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The move intends to bypass Microsoft security restrictions and infect more targets. Emotet is a notorious malware botnet that has historically been distributed through Microsoft Word and Excel attachments that contain malicious macros.

If a user opens the attachment and enables macros, a DLL will be downloaded and executed that installs the Emotet malware on the device. Once loaded, the malware will steal email contacts and email content for use in future spam campaigns.

It will also download other payloads that provide initial access to the corporate network. This access is used to conduct cyberattacks against the company, which could include ransomware attacks, data theft, cyber espionage, and extortion.

Emotet botnet is back

After three months of inactivity, the Emotet botnet suddenly turned back on. It spewed malicious emails worldwide earlier this month in an initial campaign that was flawed as it continued to use Word and Excel documents with macros. As Microsoft now automatically blocks macros in downloaded Word and Excel documents, including those attached to emails, this campaign would only infect a few people.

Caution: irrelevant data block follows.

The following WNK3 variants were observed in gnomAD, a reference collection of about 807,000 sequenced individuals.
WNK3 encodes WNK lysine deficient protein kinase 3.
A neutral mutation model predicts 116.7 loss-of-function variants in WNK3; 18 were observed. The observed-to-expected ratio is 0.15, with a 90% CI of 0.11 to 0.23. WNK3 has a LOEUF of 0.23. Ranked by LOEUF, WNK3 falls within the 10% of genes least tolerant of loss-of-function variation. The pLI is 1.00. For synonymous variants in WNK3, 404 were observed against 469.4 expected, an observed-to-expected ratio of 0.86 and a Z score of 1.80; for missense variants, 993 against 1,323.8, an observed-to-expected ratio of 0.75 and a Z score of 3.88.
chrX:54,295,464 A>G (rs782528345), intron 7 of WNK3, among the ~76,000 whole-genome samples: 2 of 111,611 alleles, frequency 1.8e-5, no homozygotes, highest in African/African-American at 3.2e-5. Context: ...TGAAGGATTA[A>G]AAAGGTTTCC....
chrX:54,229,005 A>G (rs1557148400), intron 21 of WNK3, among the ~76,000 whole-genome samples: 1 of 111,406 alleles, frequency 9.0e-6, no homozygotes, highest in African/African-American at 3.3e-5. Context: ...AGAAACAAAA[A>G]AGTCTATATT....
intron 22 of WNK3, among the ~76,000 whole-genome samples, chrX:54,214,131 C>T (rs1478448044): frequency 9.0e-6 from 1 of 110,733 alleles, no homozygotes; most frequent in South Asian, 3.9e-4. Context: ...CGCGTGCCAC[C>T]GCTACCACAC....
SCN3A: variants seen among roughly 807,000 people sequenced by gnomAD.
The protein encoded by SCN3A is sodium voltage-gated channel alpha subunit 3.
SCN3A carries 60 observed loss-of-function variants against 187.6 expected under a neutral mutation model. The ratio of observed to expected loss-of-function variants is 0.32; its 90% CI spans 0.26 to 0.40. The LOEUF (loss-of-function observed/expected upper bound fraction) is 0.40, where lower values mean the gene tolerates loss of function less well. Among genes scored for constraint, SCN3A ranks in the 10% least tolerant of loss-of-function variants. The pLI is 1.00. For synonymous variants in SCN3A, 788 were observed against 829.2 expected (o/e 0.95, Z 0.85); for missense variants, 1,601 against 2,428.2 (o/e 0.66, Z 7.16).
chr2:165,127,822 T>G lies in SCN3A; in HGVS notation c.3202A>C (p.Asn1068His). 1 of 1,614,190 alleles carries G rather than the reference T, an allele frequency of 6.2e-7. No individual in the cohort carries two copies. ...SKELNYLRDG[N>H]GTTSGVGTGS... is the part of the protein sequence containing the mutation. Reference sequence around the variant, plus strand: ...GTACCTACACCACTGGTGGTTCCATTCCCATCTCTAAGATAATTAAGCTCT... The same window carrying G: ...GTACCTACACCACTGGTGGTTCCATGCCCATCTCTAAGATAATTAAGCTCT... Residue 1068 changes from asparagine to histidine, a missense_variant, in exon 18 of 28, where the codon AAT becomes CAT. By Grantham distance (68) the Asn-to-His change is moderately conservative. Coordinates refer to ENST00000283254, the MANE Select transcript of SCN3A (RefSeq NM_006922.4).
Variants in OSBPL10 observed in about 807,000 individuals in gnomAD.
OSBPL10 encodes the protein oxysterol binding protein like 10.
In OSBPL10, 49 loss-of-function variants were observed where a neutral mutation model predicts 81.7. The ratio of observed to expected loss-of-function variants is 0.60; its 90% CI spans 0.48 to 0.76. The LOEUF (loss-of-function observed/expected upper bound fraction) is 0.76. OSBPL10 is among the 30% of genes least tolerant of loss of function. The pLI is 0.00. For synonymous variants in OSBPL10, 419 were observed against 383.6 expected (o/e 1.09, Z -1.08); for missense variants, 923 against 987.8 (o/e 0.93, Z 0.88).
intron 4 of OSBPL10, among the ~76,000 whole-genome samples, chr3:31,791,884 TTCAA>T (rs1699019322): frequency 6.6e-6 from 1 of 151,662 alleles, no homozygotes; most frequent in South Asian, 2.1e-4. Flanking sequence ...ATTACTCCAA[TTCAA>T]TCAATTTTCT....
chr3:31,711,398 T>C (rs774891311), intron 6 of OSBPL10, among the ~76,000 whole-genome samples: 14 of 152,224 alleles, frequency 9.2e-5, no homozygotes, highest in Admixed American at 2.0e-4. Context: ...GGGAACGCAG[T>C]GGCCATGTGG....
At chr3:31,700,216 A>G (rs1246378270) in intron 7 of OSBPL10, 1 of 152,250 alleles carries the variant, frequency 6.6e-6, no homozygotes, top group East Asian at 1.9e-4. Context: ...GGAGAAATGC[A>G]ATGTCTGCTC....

Due to this, Emotet switched to Microsoft OneNote files, which have become a popular method for distributing malware since Microsoft began blocking macros.

In an Emotet spam campaign first spotted by security researcher abel, the threat actors have now begun distributing the Emotet malware using malicious Microsoft OneNote attachments. These attachments are distributed in reply-chain emails that impersonate guides, how-tos, invoices, job references, and more.


Attached to the email are Microsoft OneNote documents that display a message stating that the document is protected. It then prompts you to double-click the ‘View’ button to display the document properly.

If the user clicks on the OK button, the embedded click.wsf VBScript file will be executed using WScript.exe from OneNote’s Temp folder.

Emotet will now quietly run on the device, stealing email, and contacts, and awaiting further commands from the command-and-control server. Microsoft will be adding improved protections in OneNote against phishing documents, but there is no specific timeline for when this will be available to everyone.

Also read: Law enforcement wipes out Emotet malware with self-destruct code